And yet it was met immediately with a heavy handed and brutal response. The bank accounts of the Tron were frozen, despite a proper court order not being obtained.  This means that the collections of the congregation, given by their own members, have not been able to be used to pay the running costs of the congregation.   In addition to this the minister and his wife received a letter at home stating that they had no right to remain in the manse, despite the fact that the manse belongs to the congregation and not the denomination. More recently, court proceedings have now also been launched personally against the minister, the treasurer and the Session Clerk by the new “Interim Moderator” and “Kirk Session of St George’s Tron Church of Scotland” – a group set up by the Presbytery claiming to be the trustees of the congregation and using their charity number. The summons received claims that the action is raised with “the full concurrence of the Presbytery of Glasgow” although several members of Presbytery say they know nothing about this.

As I write this I have just heard that the Presbytery last night rejected the congregations plea and instead are intending to remove them from their building and the minister from the manse.  What does all of this mean and why is it important?

1)    Sacrifice – Firstly for the sake of the Gospel it is incredibly disappointing that the powers that run the Church of Scotland have decided to sacrifice the Tron.  Once again a denomination dominated by ‘liberals’ in theology are far from liberal when it comes to dealing with any who dare to disagree with them.  The Presbytery have spoken of a desire to have a conservative evangelical Church of Scotland congregation in the Tron building.  The jutzpah of such words is breathtaking in its hypocrisy. As Willie Philip’s reaction to the decision points out “There were some who spoke up for us, but the desire to punish us and make an example of us for daring to stand up against the denomination’s public apostasy was overwhelming.  Accordingly, they have resolved to evict us from our church building, and from our manse without undue delay. They will then ‘rebuild a vibrant evangelical ministry in the St George’s Tron building’!  With whom this miracle will be performed, we are not told.”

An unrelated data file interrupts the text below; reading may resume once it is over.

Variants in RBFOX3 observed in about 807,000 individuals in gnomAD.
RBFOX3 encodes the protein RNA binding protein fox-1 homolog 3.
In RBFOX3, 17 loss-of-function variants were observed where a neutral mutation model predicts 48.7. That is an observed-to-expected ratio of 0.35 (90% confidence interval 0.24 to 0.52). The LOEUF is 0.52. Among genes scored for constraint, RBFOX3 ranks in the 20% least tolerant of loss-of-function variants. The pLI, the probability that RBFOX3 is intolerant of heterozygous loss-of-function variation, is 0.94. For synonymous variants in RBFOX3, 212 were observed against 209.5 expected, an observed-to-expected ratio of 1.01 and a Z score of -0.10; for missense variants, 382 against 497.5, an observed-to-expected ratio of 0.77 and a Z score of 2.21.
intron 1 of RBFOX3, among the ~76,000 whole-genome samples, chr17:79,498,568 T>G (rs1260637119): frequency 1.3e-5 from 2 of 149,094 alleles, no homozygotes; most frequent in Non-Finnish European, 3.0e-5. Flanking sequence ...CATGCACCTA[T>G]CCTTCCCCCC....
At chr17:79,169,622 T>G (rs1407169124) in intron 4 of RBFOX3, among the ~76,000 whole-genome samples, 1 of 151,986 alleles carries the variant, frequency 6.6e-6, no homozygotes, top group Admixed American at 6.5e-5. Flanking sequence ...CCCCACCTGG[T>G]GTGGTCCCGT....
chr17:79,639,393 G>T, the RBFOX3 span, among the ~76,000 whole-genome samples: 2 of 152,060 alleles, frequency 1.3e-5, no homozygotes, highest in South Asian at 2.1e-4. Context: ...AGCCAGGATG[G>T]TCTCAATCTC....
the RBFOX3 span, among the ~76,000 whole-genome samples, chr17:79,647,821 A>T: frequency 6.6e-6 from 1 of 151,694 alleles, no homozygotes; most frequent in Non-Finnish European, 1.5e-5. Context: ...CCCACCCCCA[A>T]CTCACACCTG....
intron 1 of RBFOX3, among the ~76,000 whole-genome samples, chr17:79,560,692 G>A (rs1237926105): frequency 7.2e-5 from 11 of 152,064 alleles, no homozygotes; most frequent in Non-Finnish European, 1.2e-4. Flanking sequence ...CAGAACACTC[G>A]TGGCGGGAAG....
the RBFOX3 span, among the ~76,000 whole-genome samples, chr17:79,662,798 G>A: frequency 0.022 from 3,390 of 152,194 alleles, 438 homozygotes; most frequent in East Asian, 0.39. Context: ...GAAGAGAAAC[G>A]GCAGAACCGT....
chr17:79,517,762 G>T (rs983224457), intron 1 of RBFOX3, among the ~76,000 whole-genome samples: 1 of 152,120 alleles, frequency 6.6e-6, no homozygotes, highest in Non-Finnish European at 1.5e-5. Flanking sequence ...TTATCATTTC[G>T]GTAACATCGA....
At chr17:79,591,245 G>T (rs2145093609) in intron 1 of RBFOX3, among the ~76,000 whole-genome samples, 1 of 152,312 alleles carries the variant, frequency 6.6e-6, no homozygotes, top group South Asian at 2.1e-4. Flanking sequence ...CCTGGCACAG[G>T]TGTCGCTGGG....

2) Fantasy – The congregation’s letter to the Presbytery stated, “If we are forced to move out of our building, it is hard to imagine another ministry will be easily replicated in the building, given the fact that there is not one member of our congregation who wishes to remain in the building as part of a Church of Scotland congregation.”  And yet the Presbytery apparently think that they can reestablish a city centre evangelical ministry with £30,000 per year and no people! This is the kind of fantasy that bureaucracies seem to thrive on.  The only worse fantasists I know are evangelicals who seem to have an incredible ability to avoid facing up to uncomfortable facts in the name of the Gospel.

3) Hypocrisy  – It is worth quoting from the congregations letter – “those who are hurt most by this will not be our core church family; it will be the outsiders to whom we are ministering from the building as a base—not least those caught up in addictions, those far from home as asylum seekers, students needing a spiritual family away from home and others, often destitute and hopeless, who come through the church doors regularly day by day, and week by week.”  The Church of Scotland hierarchy are prepared to sacrifice all of that for the sake of what?   I have noted a tendency amongst those who call themselves more ‘liberal’ in terms of the theology to be the opposite when it comes to practically dealing with those who dare to disagree with them. Liberal, in the best sense of the word, to my mind means open, generous and kind hearted. The actions taken against the Tron are closed-minded, petty and mean.  Mind you I need to be careful here not to blame all of this on ‘liberals’. At least one non-evangelical spoke out of a sense of fairness and justice in favour of The Tron.  Apparently there were also some ‘evangelicals’ who were just as prepared to stick the boot in.

4) Money – The congregation made this plea to the Presbytery – all to no avail – “We would plead with you, therefore, when deciding about our church building not to think that this is about us and our comfort. Rather, the focus must be on those in the city centre who need the gospel of Christ, and on how a living and effective ministry can be resourced, sustained, and developed without a large, committed congregation there. You will not be surprised at us imploring you to allow us to continue our 7-days a week ministry in Buchanan Street. Our folk have a real vision for the gospel in the city centre, and a real commitment to the building as a vehicle for that mission. Within the last 5 years they have backed that up by already giving over £2.6 million of their own money to fit the building for its missionary purpose (some elderly members going without holidays, some families re-mortgaging their homes and children giving their pocket money to make what contributions they could). They did this because it provides us with so many gospel opportunities day by day.”